Why do I have such severe abdominal pain during my period?

Dr. Mehmet Oz, MD
Cardiology (Cardiovascular Disease)
Abdominal pain during your period could mean more than normal cramping -- it could be a sign of endometriosis. If pain during your period is consistently toward the higher numbers like 8, 9, or 10 on a pain intensity scale, you may be one of the 5 to 7 million women in America who suffer from this painful disorder.
Normally, every month, your uterus breaks down tissue, shedding its lining and creating cramping in the process. In endometriosis, some of your uterine tissue or “period lining” ends up where it shouldn’t, including the lining of your abdomen. Oddly enough, when that tissue travels outside your uterus, it still acts like it’s part of your period, so it still swells and cramps without your body being able to release it, creating awful pain.
Periods should become less painful as you age, not worse. So if you notice your periods getting worse, pay attention and schedule an appointment with your doctor.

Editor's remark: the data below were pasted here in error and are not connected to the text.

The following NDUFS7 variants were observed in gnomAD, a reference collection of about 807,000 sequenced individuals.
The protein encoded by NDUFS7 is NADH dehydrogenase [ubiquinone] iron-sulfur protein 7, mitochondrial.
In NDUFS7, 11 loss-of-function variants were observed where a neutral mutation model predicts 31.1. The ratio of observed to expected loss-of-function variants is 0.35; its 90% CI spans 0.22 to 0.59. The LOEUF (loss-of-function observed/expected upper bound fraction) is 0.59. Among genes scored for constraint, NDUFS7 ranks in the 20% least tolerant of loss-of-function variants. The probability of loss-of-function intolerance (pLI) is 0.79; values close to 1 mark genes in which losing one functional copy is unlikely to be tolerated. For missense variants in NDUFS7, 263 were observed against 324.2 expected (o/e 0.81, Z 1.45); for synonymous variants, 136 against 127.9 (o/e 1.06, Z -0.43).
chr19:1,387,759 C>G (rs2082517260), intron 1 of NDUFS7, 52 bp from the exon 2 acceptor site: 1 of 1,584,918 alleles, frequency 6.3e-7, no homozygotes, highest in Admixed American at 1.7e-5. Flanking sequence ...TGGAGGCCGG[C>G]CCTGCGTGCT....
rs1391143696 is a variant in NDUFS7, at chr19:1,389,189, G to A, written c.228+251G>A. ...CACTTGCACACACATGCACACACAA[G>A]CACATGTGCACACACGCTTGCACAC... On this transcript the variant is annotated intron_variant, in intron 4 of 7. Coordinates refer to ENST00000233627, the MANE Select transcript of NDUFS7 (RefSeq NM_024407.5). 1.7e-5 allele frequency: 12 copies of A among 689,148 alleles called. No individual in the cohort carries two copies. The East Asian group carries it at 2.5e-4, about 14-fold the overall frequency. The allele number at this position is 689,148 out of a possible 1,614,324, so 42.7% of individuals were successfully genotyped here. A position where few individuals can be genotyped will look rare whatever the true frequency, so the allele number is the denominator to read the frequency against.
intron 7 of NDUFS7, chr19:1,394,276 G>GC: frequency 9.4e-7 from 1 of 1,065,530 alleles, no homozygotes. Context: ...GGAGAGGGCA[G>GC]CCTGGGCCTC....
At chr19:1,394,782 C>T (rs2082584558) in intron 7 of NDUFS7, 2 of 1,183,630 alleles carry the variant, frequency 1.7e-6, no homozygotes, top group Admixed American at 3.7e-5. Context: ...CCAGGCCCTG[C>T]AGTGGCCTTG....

Continue Learning about Menstruation



The menstrual cycle can vary from women to women. Some get their period on the same day every month, while others have irregular cycles, a heavy flow, painful cramps or PMS. Learn more about menstrual problems from our experts.

Important: This content reflects information from various individuals and organizations and may offer alternative or opposing points of view. It should not be used for medical advice, diagnosis or treatment. As always, you should consult with your healthcare provider about your specific health needs.